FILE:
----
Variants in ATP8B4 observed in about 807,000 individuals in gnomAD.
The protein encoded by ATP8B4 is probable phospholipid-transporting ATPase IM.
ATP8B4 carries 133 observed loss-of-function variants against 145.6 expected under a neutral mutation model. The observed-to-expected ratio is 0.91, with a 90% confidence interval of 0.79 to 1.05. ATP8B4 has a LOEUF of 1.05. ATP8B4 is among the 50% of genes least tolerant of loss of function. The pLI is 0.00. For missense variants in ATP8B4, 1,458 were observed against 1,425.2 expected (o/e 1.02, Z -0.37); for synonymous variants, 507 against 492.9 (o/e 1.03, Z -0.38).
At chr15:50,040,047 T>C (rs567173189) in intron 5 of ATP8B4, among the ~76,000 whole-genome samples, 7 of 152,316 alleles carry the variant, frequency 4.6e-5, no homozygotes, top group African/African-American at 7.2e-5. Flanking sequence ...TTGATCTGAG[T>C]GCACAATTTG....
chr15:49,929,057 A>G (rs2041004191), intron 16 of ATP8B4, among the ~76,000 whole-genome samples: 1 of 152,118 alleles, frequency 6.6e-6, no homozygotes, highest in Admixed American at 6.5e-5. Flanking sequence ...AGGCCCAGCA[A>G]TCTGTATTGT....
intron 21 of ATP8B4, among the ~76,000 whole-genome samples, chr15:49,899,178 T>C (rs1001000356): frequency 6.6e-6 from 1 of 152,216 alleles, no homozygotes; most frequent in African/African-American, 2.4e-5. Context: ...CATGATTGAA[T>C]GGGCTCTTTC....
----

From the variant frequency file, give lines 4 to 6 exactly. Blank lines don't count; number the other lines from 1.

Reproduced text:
At chr15:50,040,047 T>C (rs567173189) in intron 5 of ATP8B4, among the ~76,000 whole-genome samples, 7 of 152,316 alleles carry the variant, frequency 4.6e-5, no homozygotes, top group African/African-American at 7.2e-5. Flanking sequence ...TTGATCTGAG[T>C]GCACAATTTG....
chr15:49,929,057 A>G (rs2041004191), intron 16 of ATP8B4, among the ~76,000 whole-genome samples: 1 of 152,118 alleles, frequency 6.6e-6, no homozygotes, highest in Admixed American at 6.5e-5. Flanking sequence ...AGGCCCAGCA[A>G]TCTGTATTGT....
intron 21 of ATP8B4, among the ~76,000 whole-genome samples, chr15:49,899,178 T>C (rs1001000356): frequency 6.6e-6 from 1 of 152,216 alleles, no homozygotes; most frequent in African/African-American, 2.4e-5. Context: ...CATGATTGAA[T>C]GGGCTCTTTC....